I have great accuracy at 42-42.3, but I get ejector swipe there, and my Hornady brass was growing a bunch.  Now with the 143 Eldx I'm at 41.5, and with 140 Berger VLDh, I'm at 41.2.  Both H4350.  My brass is much happier, and I am just getting into some loose primer pockets after 9x fired. I cut the brass in half again and case head separation is not a problem whatsoever.

Re: Nosler 140gr Accubond reloading

Reply #19
  Does the pressure also depend on the jump distance to the lands?   As I understand it, if there is a larger jump, there is lower initial spike of pressure. 

Re: Nosler 140gr Accubond reloading

Reply #20
I loaded mine at COAL 2.804. Not sure if that is anywhere close to the lands in my rifle. But as I said earlier, I did have a little bit of primer flattening.

Re: Nosler 140gr Accubond reloading

Reply #21
  Does the pressure also depend on the jump distance to the lands?   As I understand it, if there is a larger jump, there is lower initial spike of pressure. 


any time you move the bullet in or out it will change pressure... shorter will increase pressure and seating the longer will decrease pressure... to a point... once you get close to the lands then pressure will increase... and once you touch the lands or jam them in the lands you will get a big increase in pressure...that's why we don't like seating them within .005 from the lands... its easy to have one actually touching the lands and cause a big spike in pressure which can cause eratic groups... better off to stay .010 or more from the lands or jam them into the lands... which personally im not a fan of..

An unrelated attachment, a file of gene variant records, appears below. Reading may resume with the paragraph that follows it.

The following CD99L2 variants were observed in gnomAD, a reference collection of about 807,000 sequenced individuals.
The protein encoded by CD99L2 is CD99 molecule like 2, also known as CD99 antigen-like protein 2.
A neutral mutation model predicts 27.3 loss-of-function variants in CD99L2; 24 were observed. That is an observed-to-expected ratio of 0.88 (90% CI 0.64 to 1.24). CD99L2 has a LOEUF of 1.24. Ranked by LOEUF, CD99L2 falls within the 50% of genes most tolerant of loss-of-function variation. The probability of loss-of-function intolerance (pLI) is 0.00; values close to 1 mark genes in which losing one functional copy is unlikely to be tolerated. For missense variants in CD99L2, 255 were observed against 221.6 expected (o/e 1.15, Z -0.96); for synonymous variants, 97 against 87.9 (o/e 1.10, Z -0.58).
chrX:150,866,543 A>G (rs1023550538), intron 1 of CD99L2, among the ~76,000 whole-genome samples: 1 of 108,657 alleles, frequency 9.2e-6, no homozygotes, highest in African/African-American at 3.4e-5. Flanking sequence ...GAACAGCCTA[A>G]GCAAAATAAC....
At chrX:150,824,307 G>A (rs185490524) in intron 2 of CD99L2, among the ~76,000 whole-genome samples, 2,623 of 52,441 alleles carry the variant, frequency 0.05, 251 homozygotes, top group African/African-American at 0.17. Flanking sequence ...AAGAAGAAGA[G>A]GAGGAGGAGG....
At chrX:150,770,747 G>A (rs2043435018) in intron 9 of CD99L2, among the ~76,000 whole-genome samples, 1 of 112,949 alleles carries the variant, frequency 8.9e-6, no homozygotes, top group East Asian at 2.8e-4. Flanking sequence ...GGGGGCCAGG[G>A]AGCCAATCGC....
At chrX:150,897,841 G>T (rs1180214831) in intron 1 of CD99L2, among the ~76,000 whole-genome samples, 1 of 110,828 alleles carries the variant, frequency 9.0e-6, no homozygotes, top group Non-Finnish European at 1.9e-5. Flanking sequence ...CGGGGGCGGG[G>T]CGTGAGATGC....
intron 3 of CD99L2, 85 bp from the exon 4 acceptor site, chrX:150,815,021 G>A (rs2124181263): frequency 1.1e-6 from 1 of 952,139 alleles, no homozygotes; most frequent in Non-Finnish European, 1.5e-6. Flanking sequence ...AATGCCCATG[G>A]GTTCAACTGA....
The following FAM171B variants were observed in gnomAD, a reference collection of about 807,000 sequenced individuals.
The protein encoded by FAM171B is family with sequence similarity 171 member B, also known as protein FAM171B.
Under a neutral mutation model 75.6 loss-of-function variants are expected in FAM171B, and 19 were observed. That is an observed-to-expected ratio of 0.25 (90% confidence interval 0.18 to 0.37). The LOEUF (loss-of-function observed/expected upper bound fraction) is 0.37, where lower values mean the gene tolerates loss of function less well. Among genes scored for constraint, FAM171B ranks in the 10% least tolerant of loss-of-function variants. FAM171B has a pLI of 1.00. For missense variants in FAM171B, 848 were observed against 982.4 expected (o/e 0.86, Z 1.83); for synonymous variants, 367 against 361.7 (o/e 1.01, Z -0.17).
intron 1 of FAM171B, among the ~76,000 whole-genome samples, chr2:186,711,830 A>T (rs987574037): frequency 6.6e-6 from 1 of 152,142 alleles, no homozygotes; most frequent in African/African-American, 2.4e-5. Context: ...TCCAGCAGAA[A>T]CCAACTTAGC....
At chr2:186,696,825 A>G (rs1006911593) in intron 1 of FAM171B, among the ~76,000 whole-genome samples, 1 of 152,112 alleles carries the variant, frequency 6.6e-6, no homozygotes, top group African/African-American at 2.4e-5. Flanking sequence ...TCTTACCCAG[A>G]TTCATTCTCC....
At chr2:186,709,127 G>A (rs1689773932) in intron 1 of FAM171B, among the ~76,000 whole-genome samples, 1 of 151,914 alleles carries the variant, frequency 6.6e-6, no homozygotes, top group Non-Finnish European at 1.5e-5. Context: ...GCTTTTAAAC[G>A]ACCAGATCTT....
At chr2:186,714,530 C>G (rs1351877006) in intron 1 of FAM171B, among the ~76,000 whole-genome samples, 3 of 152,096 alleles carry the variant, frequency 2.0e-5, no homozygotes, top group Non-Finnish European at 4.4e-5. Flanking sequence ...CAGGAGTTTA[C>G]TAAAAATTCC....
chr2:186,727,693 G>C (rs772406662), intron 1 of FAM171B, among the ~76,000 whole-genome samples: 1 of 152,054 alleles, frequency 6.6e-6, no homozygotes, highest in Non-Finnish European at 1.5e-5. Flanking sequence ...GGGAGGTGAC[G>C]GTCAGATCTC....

Grant

Re: Nosler 140gr Accubond reloading

Reply #22
I have my 143 Eldx jumping a long ways, but at 41.8 of H4350, when doing a seating test, only making the BTOG shorter by .003" at a time, on test #4, I was into pressure. ( swipe ) This was too hot for me and got everything working nice at 41.5.

Re: Nosler 140gr Accubond reloading

Reply #23
  Does the pressure also depend on the jump distance to the lands?   As I understand it, if there is a larger jump, there is lower initial spike of pressure. 

No, seating deeper doesn't increase pressure, it lowers it; until silly deep. I know Berger used to claim such, but they also used to (possibly still do) estimate loads and pressures with QL, which long held and incorrect linear calculation about that.

Dr. Brownell long ago did pressure testing with seating depth, deeper allows more gas bleed-off around the bullet; unless you get REALLY deep and significantly affect the burning curve.

http://i78.photobucket.com/albums/j84/Darkker13/Mobile%20Uploads/seatingdepthvpressure_zpsspyuzho7.gif
I'm a firm believer in the theory that if it bleeds, I can kill it.

Re: Nosler 140gr Accubond reloading

Reply #24
No, seating deeper doesn't increase pressure, it lowers it; until silly deep. I know Berger used to claim such, but they also used to (possibly still do) estimate loads and pressures with QL, which long held and incorrect linear calculation about that.